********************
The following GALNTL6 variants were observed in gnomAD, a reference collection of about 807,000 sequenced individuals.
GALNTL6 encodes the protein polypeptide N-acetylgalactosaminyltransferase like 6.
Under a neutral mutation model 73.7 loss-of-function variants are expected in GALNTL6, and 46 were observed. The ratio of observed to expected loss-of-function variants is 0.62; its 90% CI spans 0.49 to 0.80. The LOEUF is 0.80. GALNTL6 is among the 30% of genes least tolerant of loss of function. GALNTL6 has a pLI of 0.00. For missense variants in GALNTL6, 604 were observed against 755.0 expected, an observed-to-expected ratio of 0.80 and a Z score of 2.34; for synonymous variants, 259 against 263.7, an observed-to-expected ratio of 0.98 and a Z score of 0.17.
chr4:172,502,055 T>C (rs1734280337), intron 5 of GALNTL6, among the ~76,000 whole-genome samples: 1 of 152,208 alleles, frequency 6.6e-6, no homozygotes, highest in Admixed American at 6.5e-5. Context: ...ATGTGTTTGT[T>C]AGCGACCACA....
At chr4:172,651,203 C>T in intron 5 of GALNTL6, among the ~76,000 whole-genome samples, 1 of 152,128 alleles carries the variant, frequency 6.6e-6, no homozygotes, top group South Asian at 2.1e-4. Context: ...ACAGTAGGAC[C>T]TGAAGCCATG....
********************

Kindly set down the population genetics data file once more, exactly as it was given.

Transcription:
The following GALNTL6 variants were observed in gnomAD, a reference collection of about 807,000 sequenced individuals.
GALNTL6 encodes the protein polypeptide N-acetylgalactosaminyltransferase like 6.
Under a neutral mutation model 73.7 loss-of-function variants are expected in GALNTL6, and 46 were observed. The ratio of observed to expected loss-of-function variants is 0.62; its 90% CI spans 0.49 to 0.80. The LOEUF is 0.80. GALNTL6 is among the 30% of genes least tolerant of loss of function. GALNTL6 has a pLI of 0.00. For missense variants in GALNTL6, 604 were observed against 755.0 expected, an observed-to-expected ratio of 0.80 and a Z score of 2.34; for synonymous variants, 259 against 263.7, an observed-to-expected ratio of 0.98 and a Z score of 0.17.
chr4:172,502,055 T>C (rs1734280337), intron 5 of GALNTL6, among the ~76,000 whole-genome samples: 1 of 152,208 alleles, frequency 6.6e-6, no homozygotes, highest in Admixed American at 6.5e-5. Context: ...ATGTGTTTGT[T>C]AGCGACCACA....
At chr4:172,651,203 C>T in intron 5 of GALNTL6, among the ~76,000 whole-genome samples, 1 of 152,128 alleles carries the variant, frequency 6.6e-6, no homozygotes, top group South Asian at 2.1e-4. Context: ...ACAGTAGGAC[C>T]TGAAGCCATG....